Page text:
What has been said is confirmed by the fact that while young men become geometricians and mathematicians and wise in matters like these, it is thought that a young man of practical wisdom cannot be found. The cause is that such wisdom is concerned not only with universals but with particulars, which become familiar from experience, but a young man has no experience, for it is length of time that gives experience; indeed one might ask this question too, why a boy may become a mathematician, but not a philosopher or a physicist. It is because the objects of mathematics exist by abstraction, while the first principles of these other subjects come from experience, and because young men have no conviction about the latter but merely use the proper language, while the essence of mathematical objects is plain enough to them.
Of course, the dirty little secret of GTD is that it is impossible to comply with these abstract principles.
As a mature adult, I have developed certain habits over my lifetime. Right now, I am planning to go to bed tonight before 10 pm and wake up tomorrow by 5 am and take a shower. But if I weren’t writing this post I would never have gotten this commitment to myself out of my head into written form. I know how to shower and shave every morning and need no reminders. I only remind myself of things that I need to remind myself of.
How do I know what I need to remind myself of? To answer this question requires judgment. DA cannot answer this question for you. He can only ask you, given your knowledge of yourself and your past history, do you think that you will need to be reminded of commitment XYZ?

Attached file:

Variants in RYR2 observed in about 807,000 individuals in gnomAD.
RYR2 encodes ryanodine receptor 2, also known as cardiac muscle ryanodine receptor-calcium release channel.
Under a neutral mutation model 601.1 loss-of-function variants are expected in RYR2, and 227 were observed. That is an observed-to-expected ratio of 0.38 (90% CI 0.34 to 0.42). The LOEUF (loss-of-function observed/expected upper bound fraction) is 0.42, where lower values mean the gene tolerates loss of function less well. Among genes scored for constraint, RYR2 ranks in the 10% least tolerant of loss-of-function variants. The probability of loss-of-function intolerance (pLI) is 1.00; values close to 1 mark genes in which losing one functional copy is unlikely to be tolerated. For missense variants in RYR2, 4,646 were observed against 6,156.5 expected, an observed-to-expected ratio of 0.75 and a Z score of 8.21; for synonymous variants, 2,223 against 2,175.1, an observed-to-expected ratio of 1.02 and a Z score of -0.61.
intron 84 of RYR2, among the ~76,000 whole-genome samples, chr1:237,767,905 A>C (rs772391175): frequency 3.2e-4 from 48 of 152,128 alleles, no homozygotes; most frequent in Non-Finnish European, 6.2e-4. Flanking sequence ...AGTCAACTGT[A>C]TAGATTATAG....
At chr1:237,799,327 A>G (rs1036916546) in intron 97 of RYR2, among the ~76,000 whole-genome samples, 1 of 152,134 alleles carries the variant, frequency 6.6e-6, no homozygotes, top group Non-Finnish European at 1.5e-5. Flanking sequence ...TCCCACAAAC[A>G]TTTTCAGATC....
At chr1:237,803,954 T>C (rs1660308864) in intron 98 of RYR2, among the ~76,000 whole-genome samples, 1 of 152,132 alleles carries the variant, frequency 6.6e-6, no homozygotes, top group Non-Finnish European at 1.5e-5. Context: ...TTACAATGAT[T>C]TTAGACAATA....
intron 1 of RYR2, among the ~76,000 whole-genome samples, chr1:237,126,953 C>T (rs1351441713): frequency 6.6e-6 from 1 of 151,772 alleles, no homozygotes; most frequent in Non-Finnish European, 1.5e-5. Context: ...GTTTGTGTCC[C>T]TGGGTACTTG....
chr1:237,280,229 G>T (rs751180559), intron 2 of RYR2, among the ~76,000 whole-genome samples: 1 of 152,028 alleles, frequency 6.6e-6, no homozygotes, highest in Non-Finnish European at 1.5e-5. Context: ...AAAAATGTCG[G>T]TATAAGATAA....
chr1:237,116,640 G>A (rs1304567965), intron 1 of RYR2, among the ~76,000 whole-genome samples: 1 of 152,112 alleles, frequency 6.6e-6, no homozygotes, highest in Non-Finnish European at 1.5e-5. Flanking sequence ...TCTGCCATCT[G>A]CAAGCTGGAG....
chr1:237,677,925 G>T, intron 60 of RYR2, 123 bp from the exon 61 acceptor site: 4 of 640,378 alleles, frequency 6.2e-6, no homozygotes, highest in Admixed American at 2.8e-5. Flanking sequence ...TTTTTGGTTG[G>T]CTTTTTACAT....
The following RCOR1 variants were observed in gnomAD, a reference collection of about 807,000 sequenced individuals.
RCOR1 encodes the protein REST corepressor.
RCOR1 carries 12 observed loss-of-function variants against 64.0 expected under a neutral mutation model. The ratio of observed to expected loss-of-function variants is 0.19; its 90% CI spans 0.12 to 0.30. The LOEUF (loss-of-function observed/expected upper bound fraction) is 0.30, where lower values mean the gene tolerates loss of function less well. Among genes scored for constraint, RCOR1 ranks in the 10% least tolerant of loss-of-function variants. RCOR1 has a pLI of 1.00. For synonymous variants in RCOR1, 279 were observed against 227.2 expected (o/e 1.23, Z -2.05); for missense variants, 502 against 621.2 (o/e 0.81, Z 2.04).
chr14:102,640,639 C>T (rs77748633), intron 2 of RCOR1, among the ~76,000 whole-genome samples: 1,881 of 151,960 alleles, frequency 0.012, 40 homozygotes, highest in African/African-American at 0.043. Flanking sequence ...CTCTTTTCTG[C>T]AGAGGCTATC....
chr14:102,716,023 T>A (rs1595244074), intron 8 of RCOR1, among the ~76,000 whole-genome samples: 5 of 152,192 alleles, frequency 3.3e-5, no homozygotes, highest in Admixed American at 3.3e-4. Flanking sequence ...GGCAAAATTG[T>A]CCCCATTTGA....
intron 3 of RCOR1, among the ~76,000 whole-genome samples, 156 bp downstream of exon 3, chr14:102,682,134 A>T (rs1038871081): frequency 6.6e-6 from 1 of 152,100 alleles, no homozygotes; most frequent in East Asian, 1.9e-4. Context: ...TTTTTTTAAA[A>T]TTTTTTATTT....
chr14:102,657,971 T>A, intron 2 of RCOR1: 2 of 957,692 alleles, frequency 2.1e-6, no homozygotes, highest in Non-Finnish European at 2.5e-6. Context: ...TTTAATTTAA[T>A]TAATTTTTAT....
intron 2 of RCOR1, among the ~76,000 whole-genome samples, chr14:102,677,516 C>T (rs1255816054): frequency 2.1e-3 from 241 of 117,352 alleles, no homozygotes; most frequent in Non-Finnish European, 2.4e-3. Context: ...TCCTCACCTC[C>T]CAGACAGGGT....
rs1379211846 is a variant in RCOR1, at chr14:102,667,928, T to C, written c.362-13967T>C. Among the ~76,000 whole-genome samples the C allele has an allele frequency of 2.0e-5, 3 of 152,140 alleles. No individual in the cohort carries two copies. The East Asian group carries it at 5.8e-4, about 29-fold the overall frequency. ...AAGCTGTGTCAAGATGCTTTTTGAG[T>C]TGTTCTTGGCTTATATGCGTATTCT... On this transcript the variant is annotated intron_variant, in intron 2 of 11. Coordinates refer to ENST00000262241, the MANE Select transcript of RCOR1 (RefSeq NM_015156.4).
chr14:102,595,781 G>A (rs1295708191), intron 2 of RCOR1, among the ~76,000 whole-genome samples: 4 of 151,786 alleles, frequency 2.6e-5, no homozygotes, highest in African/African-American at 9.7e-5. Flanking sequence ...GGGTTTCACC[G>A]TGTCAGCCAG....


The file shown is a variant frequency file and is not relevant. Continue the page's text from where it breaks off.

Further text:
My shave and shower example may seem ludicrous. But the underlying point is of major importance. There are commitments we have which we do not put into our trusted system even though they are in our heads. We do not actually get everything out of our heads. We get the nonroutine things out of our heads. And whether something is routine or not is heavily dependent on our individual circumstances. So this requires judgment.
I plan on eating breakfast before I leave my apartment tomorrow morning. At work I plan on turning on my computer. I plan on checking the prior business day’s sales. I plan on replacing the backup cassette that runs nightly.
The prior paragraph lists a number of important commitments I have. But only the last is listed as a reminder in my trusted system. I do not want phone calls and other interruptions to prevent me from replacing the backup cassette.
When I first started replacing the backup cassette, I needed to break that action down into subsidiary steps. Activate the monitor of the server, log in to the server, open the backup program, confirm that the backup ran correctly last night . . .
How I describe an action takes judgment. “Next physical action” is a shorthand DA uses. But it really is not accurate. Even the simplest next physical action is always a project. It is always divisible into many physical subactions. But most of those physical subactions we do unconsciously. We only need to put into our trusted systems those actions that, in our judgment, we need to be reminded of.
So I am getting my commitments out of my head. But I am not writing down: “Put clothes on before leaving apartment.” If I were recovering from an injury or an illness I might very well write down, “Put clothes on before leaving apartment,” because that commitment might then require nonroutine action.
This is one reason why mastery of GTD takes time.